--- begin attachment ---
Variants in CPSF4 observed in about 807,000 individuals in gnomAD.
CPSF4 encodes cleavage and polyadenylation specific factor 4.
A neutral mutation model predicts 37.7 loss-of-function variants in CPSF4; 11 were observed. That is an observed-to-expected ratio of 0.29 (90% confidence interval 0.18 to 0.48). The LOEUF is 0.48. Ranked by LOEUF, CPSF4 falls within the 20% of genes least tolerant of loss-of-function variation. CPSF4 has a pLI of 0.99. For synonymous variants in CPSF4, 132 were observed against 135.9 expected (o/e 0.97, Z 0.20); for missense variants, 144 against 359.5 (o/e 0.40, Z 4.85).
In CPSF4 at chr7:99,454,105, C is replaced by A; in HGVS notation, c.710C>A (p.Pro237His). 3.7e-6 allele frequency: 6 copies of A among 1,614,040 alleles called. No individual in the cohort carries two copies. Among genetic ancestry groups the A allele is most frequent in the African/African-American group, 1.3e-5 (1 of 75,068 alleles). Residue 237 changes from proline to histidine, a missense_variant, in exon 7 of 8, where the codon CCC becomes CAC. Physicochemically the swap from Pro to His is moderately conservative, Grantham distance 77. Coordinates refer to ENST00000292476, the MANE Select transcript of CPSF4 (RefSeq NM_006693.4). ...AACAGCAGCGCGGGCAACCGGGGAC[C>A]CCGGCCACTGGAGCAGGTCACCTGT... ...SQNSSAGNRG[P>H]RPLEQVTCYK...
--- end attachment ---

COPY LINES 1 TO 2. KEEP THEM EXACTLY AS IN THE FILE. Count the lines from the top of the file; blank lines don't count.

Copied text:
Variants in CPSF4 observed in about 807,000 individuals in gnomAD.
CPSF4 encodes cleavage and polyadenylation specific factor 4.